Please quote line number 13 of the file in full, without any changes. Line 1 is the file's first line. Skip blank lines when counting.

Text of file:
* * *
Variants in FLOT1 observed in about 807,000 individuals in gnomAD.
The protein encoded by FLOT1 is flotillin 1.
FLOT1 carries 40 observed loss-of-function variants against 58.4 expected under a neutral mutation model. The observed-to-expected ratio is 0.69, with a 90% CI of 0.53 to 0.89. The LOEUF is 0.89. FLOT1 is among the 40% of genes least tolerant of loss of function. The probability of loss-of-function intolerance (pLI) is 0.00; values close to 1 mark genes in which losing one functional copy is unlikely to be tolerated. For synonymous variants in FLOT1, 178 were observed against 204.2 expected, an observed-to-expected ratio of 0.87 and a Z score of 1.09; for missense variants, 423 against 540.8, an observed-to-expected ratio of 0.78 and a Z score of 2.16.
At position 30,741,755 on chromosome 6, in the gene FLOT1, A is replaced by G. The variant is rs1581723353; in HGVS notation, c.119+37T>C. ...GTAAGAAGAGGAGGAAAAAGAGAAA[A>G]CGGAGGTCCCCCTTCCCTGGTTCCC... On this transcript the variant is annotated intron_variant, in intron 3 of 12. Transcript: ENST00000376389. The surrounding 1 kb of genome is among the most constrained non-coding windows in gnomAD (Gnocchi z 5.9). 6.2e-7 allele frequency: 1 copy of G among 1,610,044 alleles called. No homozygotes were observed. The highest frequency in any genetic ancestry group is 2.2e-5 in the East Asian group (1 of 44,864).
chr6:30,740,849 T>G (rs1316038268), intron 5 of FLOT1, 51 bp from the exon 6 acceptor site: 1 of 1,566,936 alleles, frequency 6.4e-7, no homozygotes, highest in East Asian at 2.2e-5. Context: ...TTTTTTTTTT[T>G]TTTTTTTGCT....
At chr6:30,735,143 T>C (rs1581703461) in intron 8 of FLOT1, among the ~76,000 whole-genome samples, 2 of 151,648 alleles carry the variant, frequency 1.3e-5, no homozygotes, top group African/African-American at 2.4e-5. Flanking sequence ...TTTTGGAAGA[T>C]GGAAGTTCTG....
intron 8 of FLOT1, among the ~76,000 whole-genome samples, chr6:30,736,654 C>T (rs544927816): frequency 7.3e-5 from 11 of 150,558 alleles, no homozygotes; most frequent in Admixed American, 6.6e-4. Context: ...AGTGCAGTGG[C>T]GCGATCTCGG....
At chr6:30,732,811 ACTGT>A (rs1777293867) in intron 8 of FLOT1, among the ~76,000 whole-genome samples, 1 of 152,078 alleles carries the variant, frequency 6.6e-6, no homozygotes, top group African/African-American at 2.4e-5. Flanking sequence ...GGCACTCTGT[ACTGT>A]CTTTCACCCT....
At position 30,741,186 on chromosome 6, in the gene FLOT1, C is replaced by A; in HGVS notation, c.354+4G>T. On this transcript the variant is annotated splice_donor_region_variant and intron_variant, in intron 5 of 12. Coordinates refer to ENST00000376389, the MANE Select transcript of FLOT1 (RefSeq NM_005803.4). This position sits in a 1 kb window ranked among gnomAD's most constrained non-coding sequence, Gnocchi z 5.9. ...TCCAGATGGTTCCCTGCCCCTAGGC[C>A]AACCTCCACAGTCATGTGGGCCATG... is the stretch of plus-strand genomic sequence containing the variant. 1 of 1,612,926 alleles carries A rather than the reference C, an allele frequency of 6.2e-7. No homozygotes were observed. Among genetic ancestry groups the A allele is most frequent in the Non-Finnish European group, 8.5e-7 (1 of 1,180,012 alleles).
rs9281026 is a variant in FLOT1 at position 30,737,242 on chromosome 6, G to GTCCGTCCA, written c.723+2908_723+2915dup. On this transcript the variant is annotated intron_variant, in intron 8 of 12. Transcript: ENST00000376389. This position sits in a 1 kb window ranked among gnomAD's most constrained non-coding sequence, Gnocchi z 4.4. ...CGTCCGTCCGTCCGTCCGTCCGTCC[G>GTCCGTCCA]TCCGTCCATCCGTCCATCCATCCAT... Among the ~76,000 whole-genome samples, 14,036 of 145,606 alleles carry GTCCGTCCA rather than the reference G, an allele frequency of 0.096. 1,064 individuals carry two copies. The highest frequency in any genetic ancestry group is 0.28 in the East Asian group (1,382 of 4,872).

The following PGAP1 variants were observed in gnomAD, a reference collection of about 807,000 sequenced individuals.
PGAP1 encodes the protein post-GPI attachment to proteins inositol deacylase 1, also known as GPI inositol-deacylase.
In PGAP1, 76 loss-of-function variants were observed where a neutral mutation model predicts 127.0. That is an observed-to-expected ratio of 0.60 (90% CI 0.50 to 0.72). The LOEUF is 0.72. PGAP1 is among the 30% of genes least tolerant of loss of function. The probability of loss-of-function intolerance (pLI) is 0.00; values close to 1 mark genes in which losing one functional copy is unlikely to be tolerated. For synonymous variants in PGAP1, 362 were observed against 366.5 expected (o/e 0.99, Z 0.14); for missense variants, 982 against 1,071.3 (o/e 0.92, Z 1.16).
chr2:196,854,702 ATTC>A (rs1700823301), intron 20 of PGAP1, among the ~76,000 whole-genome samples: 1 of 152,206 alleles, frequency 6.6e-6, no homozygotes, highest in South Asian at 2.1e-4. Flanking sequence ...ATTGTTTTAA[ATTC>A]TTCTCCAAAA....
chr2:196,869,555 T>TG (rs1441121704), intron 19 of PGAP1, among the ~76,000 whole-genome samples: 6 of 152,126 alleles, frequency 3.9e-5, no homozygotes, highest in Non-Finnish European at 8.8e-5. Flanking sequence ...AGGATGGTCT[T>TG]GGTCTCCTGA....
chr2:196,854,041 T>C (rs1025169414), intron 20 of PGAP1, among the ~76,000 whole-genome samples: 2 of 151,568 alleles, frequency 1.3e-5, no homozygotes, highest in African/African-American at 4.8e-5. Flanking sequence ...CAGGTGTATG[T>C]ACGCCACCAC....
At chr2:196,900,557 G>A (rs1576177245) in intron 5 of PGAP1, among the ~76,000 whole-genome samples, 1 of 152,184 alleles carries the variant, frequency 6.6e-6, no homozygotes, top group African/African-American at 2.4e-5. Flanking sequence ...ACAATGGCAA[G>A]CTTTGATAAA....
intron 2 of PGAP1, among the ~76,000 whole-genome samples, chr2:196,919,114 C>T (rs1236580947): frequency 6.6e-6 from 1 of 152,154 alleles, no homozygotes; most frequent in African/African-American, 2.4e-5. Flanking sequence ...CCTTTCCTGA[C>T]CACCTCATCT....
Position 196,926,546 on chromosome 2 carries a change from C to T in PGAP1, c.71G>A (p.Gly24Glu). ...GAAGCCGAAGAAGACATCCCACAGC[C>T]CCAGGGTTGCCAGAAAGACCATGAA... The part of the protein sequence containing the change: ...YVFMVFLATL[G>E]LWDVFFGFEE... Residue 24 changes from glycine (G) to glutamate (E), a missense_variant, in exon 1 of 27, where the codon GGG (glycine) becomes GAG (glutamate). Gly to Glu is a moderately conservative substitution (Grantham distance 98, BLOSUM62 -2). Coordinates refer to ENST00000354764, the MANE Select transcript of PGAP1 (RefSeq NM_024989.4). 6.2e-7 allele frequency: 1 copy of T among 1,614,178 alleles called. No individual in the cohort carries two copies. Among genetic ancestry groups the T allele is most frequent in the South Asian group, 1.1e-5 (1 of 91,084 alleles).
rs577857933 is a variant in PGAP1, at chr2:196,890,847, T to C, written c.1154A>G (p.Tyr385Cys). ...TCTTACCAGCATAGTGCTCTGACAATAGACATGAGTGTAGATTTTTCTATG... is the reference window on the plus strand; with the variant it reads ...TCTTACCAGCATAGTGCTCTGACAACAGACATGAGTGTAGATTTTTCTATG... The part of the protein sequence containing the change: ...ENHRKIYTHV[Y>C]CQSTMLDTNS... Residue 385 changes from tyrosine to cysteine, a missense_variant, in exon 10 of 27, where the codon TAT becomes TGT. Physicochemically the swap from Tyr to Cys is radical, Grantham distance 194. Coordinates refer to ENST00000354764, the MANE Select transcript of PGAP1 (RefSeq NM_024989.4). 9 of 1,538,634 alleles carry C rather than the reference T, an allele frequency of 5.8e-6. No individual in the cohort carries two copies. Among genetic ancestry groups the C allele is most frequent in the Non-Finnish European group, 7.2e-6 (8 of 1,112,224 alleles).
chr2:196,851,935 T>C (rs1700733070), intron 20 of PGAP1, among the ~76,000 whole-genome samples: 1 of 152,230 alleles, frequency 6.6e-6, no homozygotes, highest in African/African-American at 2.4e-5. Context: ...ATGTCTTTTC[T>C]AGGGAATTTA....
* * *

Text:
In PGAP1, 76 loss-of-function variants were observed where a neutral mutation model predicts 127.0. That is an observed-to-expected ratio of 0.60 (90% CI 0.50 to 0.72). The LOEUF is 0.72. PGAP1 is among the 30% of genes least tolerant of loss of function. The probability of loss-of-function intolerance (pLI) is 0.00; values close to 1 mark genes in which losing one functional copy is unlikely to be tolerated. For synonymous variants in PGAP1, 362 were observed against 366.5 expected (o/e 0.99, Z 0.14); for missense variants, 982 against 1,071.3 (o/e 0.92, Z 1.16).